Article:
Leprosy Outbreak in Florida: What You Need to Know



Fact checked by Sarah Scott

  • Central Florida is experiencing a leprosy outbreak, according to a new report from the CDC.

  • This leads researchers to believe the infection is endemic to the region.

  • Experts note that leprosy cases in the United States, even including this outbreak, are extremely rare and able to be treated with the right medical care.

Central Florida is experiencing a leprosy outbreak, according to a new report from the Centers for Disease Control and Prevention (CDC).

While the infection may seem to have more biblical connotation than real-time relevance, Central Florida is experiencing a bit of a leprosy hotbed. The area now makes up nearly one in five leprosy cases detected in the US.

Historically, Florida has not been known as a leprosy hotspot. But the data surrounding this outbreak features a variety of patients who've come down with leprosy without leaving the state of Florida.

This suggests that the illness is now endemic in the state.

The letter also notes that other Florida residents have become infected with leprosy, which suggests that the illness is now endemic in the state. Endemic simply means a disease or infection is consistently present in a certain region.

The CDC has stressed that no travel warning has been issued for the state of Florida. While there are certain leprosy factors all individuals may want to be aware of, visiting the area does not imply contamination.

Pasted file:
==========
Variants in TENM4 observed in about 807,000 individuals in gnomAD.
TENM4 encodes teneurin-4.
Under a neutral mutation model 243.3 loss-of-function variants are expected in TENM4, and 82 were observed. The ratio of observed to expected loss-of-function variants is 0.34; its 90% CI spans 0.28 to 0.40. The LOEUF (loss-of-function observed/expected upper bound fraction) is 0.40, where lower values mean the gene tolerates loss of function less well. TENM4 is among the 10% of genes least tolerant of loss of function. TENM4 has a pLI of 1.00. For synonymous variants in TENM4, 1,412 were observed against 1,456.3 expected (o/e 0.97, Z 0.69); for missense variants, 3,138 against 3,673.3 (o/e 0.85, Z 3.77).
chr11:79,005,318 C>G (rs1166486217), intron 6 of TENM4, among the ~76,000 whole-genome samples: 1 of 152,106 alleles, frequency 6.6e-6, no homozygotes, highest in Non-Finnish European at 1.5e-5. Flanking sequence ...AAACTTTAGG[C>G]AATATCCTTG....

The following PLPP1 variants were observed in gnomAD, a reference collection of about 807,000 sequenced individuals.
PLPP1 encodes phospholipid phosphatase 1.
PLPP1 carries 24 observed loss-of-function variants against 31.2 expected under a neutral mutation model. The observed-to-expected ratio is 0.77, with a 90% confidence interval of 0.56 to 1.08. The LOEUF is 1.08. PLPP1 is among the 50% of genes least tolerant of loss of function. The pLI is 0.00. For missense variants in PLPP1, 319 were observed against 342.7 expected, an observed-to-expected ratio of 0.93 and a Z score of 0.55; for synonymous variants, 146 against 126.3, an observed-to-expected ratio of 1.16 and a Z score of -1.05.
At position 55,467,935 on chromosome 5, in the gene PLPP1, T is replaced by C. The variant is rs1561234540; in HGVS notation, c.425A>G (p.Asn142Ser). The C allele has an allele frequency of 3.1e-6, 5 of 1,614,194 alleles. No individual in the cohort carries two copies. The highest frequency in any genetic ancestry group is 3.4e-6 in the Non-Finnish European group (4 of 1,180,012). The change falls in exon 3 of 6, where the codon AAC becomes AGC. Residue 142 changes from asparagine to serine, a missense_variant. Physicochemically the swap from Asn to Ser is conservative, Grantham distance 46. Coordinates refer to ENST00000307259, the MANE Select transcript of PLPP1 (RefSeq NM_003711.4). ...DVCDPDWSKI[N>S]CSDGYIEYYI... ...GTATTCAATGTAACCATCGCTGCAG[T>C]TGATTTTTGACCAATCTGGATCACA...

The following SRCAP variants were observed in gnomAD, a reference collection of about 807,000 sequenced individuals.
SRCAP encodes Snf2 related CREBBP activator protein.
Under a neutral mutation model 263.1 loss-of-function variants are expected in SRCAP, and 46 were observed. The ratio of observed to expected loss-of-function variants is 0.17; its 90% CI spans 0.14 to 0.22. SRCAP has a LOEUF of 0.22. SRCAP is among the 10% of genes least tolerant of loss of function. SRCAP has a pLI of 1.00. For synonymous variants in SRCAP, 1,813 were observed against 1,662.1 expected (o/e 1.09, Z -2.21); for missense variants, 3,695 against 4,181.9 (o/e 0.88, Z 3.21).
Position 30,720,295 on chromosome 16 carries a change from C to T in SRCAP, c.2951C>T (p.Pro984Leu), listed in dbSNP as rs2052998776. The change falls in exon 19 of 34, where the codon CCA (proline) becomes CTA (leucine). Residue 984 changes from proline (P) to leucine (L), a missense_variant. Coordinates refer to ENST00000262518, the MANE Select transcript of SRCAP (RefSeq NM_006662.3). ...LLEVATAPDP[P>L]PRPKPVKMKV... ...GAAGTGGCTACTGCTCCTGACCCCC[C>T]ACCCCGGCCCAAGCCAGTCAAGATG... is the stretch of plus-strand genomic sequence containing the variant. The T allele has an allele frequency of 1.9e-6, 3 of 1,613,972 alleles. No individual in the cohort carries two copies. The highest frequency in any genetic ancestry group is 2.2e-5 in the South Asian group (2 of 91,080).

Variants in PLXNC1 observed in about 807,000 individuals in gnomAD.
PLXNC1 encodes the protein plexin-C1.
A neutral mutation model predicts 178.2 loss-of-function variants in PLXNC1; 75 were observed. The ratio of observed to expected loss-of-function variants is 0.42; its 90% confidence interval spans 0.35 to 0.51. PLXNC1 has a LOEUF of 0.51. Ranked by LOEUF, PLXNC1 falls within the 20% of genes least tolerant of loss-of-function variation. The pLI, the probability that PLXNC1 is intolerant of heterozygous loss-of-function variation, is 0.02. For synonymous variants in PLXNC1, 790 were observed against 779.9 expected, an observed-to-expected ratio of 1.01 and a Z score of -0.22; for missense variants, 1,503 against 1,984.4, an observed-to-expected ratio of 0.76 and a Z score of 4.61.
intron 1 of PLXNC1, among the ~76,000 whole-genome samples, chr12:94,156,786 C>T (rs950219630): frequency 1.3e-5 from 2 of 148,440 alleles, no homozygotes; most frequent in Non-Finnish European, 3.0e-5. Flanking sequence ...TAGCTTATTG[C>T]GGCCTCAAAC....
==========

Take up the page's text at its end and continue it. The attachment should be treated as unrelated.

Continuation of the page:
Below, experts break down how leprosy outbreaks occur, how they can be contained, and what you need to know if you believe you've been infected with leprosy.



How Leprosy Outbreaks Happen

While it may sound like an ancient disease, leprosy cases have been happening in the United States for years.

“In the 1980s, case numbers were in the 400s each year,” report co-author Rajiv Nathoo, MD, a dermatologist and complex clinic director for Advanced Dermatology and Cosmetic Surgery Clinics in Orlando, told Health. “Now, it’s about 150 a year.”

Case counts vary in the US each year, reaching 216 in 2019 and dropping to 159 in 2020.

Leprosy, also known as Hansen’s disease, can spread from person to person, but it requires prolonged contact with someone who is infected.

“This is not something you get from shaking hands,” said Anne W. Rimoin, PhD, MPH, a professor of epidemiology at the UCLA Jonathan and Karin Fielding School of Public Health.

Most leprosy cases in the US have been in people who recently traveled outside the country where leprosy cases are more common, or those who had direct contact with nine-banded armadillos, animals that are known carriers of the disease.

“But there’s a subset of folks—especially here in Florida—that haven’t left Florida,” Nathoo said. “That’s one of the reasons why we wanted to highlight our case and discuss the local cases.”

While it's not entirely clear why leprosy has become embedded in central Florida, there are some theories, report co-author and dermatologist Charles Dunn, MD, told Health.

“The most common method of transmission is person to person, but that typically requires prolonged, intense close contact,” said Dunn, who serves as the chief resident at Kansas City University–Graduate Medical Education/Advanced Dermatology and Cosmetic Surgery Consortium in Orlando.

He noted that about 75% of new cases of leprosy in Florida have no known cause.

“Some people have direct contact with armadillos and that makes sense,” he said. “For the others, the question is whether there are environmental sources of leprosy that we haven’t seen, like soil or plants from areas that armadillos have inhabited.”